Effects of repeated low-intensity fire on reptile populations of a mixed eucalypt foothill forest in south-eastern Australia
Research Report No. 65
Authors: Marc Irvin, Martin Westbrooke and Mathew Gibson
Detailed ecological studies of Australian reptiles remain relatively rare, which impacts significantly on the community’s ability to develop appropriate strategies to conserve them. Most information related to the effects of fire on reptiles has been from studies in mallee woodlands, heathlands and northern Australian savanna forests, where reptilian diversity is high. Few studies have been undertaken in southern temperate areas.
Reptiles were studied in three of five Fire Effects Study Areas (FESAs) in the Wombat State Forest. The aim of this study was to determine the effects of repeated low-intensity prescribed fire on the forest ecosystem, including reptiles. Five burning treatments were replicated in each FESA: long-unburnt, short-rotation spring burnt, short-rotation autumn burnt, long-rotation spring burnt and long-rotation autumn burnt.
Research on reptiles was conducted over the period 1985–94 by various students from Ballarat University. During this period, eight species of skinks and one species of elapid snake were observed. However, only five species of skink were observed in sufficient numbers to make any judgment on the effects of the burning treatments.
Four standard herpetological survey techniques were used by the researchers: pitfall-driftline trapping, opportunistic searching, transect counts and stationary census counts. Of these, the stationary census counts technique proved to be the most successful method in the foothill forest environment.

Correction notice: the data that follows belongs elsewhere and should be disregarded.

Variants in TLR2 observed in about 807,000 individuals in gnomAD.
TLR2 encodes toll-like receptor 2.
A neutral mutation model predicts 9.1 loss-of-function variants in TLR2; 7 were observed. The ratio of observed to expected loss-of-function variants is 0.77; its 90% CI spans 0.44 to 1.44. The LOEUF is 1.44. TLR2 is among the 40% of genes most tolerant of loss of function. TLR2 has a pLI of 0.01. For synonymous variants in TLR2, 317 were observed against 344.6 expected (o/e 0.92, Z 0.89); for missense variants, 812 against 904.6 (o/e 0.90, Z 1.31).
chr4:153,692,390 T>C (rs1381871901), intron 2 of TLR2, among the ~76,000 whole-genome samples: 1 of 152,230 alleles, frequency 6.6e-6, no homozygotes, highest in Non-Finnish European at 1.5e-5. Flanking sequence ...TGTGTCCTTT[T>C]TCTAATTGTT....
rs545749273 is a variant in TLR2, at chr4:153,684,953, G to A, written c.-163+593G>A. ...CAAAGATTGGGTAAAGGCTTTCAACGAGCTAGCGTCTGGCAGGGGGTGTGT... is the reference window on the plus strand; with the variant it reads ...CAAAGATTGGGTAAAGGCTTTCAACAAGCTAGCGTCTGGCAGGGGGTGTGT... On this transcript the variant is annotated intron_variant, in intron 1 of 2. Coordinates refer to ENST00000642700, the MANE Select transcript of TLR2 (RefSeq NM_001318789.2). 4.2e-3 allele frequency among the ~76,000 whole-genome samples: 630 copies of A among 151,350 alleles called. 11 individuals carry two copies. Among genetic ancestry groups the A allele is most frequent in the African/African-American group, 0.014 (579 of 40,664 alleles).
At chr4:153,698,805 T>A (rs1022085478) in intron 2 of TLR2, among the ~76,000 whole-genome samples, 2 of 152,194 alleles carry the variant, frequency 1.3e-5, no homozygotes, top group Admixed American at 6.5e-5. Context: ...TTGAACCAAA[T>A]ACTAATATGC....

The abundance of the Southern Water Skink (Eulamprus tympanum) remained relatively stable following both spring and autumn fires. This is likely to be due to the abundance and condition of its primary habitat—fallen logs and branches—which was not significantly affected. Conventry’s Skink (Pseudemoia conventryi) and Grass Skink (Pseudemoia entrecasteauxii) numbers were both significantly different between burning treatments.
Numbers of both species were significantly less in burnt treatments than in the long-unburnt control; the most notable were the frequently burnt spring treatments, 32 months after burning and the frequently burnt autumn treatments, 18–32 months after burning. These species were found to forage in the grass/herb and litter layers—the microhabitats most affected by burning.
McCoy’s Skink (Nannoscincus maccoyi) was most common after burning, but this was probably due to the removal of its normal habitat—the surface litter. McCoy’s Skink is a cryptic species and very difficult to find in unburnt areas. Garden Skink (Lampropholis guichenoti) inhabits moist gully areas; areas not frequently prone to low-intensity burning. This species was affected by the burning treatments only when a significant amount of the gully vegetation was burnt.
Fallen logs and unburnt litter are important refuges from fire. The small-scale mosaic of burnt and unburnt patches that generally result from low-intensity prescribed burning are crucial to local reptile survival and recolonisation.
Fire Research Report No. 65